Perhaps we're so used to seeing wind turbines turning in one direction or weather vanes slowly pivoting that we forget how complex wind can be. A new wind-driven kinetic facade in San Francisco serves as a mesmerizing reminder.
The Randall Museum in San Francisco commissioned the art installation from local designer Charles Sowers, whose public art and science exhibits bring attention to natural phenomena such as ice forming on a puddle, often with special instrumentation. His piece for the museum's exterior, called "Windswept," took more than a year and a half to develop.
As the salty California breeze hits the façade, which is 20 feet tall and 35 feet wide, it moves 612 freely rotating directional arrows. Sowers originally started with a four-foot square panel prototype covered in different arrow types that he mounted on his apartment window at Baker Beach, according to ArchDaily.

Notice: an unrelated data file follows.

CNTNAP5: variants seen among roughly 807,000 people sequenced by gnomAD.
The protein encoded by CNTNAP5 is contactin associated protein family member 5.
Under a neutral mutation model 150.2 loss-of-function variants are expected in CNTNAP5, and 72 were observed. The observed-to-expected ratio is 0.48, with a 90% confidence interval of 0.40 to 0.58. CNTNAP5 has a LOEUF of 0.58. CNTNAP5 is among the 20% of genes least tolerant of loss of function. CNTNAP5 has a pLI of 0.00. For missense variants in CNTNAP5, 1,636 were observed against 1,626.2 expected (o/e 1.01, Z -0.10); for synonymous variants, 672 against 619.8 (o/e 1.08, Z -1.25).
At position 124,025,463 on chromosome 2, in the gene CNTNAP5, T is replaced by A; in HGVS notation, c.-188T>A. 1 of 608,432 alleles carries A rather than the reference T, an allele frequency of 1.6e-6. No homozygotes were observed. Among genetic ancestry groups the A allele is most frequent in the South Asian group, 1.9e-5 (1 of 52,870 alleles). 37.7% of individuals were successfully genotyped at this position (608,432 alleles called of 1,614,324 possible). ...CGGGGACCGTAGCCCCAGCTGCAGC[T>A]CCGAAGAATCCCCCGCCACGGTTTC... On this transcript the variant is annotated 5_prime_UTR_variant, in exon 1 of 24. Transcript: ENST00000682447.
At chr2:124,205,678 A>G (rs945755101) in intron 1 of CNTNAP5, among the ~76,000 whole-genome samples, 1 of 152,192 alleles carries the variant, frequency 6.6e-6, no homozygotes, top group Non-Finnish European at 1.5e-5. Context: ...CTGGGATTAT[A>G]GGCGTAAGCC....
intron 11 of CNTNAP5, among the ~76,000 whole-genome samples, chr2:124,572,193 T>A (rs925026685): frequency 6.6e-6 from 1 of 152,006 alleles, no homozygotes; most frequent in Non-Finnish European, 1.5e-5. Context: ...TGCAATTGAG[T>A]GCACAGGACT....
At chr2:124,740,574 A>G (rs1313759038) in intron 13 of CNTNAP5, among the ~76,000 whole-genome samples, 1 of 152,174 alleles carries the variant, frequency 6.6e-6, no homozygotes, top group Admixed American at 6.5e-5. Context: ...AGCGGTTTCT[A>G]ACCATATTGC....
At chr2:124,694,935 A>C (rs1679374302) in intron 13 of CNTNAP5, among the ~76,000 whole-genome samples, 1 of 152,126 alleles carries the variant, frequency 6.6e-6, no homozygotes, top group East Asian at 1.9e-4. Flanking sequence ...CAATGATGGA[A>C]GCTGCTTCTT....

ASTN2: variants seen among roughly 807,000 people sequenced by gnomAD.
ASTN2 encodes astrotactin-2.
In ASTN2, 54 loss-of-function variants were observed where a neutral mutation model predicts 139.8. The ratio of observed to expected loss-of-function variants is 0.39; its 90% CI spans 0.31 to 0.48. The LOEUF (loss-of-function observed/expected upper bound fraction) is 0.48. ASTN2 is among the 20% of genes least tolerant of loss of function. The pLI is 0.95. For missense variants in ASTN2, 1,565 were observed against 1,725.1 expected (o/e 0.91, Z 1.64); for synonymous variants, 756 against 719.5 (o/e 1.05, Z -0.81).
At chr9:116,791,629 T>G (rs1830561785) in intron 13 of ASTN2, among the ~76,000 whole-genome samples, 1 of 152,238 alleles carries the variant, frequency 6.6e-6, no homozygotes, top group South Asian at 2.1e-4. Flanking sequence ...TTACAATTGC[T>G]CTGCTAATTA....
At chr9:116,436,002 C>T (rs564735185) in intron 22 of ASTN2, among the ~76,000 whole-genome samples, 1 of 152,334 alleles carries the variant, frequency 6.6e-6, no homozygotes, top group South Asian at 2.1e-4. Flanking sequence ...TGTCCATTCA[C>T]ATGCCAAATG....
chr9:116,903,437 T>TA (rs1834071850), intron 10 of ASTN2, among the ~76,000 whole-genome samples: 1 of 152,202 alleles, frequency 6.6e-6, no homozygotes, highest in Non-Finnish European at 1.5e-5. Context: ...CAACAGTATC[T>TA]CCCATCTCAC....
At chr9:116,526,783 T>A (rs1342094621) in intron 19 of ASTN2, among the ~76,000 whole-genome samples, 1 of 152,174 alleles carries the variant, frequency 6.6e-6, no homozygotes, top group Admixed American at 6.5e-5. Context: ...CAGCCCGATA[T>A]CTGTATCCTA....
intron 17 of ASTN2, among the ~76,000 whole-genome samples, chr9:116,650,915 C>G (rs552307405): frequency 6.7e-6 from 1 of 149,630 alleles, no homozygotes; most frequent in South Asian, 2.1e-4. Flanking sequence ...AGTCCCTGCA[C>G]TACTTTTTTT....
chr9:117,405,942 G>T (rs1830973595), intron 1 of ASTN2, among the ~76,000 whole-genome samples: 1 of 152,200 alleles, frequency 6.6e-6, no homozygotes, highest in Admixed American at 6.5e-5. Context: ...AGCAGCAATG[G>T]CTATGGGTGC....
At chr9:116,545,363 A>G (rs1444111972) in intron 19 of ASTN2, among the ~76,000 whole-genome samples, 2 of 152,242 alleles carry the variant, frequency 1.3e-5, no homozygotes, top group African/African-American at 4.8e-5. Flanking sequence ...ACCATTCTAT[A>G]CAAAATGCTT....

Ultimately he settled on a design for arrows made from anodized aluminum that were mounted on a metal architectural panel using stainless steel axles and rivet nuts. "Windswept" also serves to mask the air intake on the museum's concrete exterior.
"The whole piece sits off the wall to allow an equal volume of air to enter a ventilation intake mounted in the middle of the existing wall," Sowers explained in a statement about the work.
The arrows don't all move in unison. Instead, they reveal the ripples and swirls we'd usually just call a nice breeze. Co.Design's Mark Wilson compared the effect to watching "the Plinko of air currents." To me, however, a video of "Windswept" was more like seeing dust in a beam of sunlight. Sowers has made the invisible visible in a big way.
Photo: The art installation "Windswept" in San Francisco by Charles Sowers. Credit: Charles Sowers (video)